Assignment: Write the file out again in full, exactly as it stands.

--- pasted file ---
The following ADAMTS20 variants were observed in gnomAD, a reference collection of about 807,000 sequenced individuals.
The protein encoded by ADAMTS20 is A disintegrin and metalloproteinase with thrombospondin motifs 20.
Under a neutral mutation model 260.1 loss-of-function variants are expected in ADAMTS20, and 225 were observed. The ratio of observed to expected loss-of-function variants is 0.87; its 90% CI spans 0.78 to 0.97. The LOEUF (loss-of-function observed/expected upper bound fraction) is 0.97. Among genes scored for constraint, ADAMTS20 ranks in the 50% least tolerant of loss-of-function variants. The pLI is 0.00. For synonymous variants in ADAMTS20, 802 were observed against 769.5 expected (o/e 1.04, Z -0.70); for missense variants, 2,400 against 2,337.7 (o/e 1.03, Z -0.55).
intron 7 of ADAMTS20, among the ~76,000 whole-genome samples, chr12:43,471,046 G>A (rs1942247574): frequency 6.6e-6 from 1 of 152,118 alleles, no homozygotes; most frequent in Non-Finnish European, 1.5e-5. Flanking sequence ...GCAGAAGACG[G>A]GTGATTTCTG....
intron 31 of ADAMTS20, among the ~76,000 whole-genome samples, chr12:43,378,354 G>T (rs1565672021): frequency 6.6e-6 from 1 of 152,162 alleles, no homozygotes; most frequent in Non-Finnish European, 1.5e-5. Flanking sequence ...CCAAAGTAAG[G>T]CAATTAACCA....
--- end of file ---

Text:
The following ADAMTS20 variants were observed in gnomAD, a reference collection of about 807,000 sequenced individuals.
The protein encoded by ADAMTS20 is A disintegrin and metalloproteinase with thrombospondin motifs 20.
Under a neutral mutation model 260.1 loss-of-function variants are expected in ADAMTS20, and 225 were observed. The ratio of observed to expected loss-of-function variants is 0.87; its 90% CI spans 0.78 to 0.97. The LOEUF (loss-of-function observed/expected upper bound fraction) is 0.97. Among genes scored for constraint, ADAMTS20 ranks in the 50% least tolerant of loss-of-function variants. The pLI is 0.00. For synonymous variants in ADAMTS20, 802 were observed against 769.5 expected (o/e 1.04, Z -0.70); for missense variants, 2,400 against 2,337.7 (o/e 1.03, Z -0.55).
intron 7 of ADAMTS20, among the ~76,000 whole-genome samples, chr12:43,471,046 G>A (rs1942247574): frequency 6.6e-6 from 1 of 152,118 alleles, no homozygotes; most frequent in Non-Finnish European, 1.5e-5. Flanking sequence ...GCAGAAGACG[G>A]GTGATTTCTG....
intron 31 of ADAMTS20, among the ~76,000 whole-genome samples, chr12:43,378,354 G>T (rs1565672021): frequency 6.6e-6 from 1 of 152,162 alleles, no homozygotes; most frequent in Non-Finnish European, 1.5e-5. Flanking sequence ...CCAAAGTAAG[G>T]CAATTAACCA....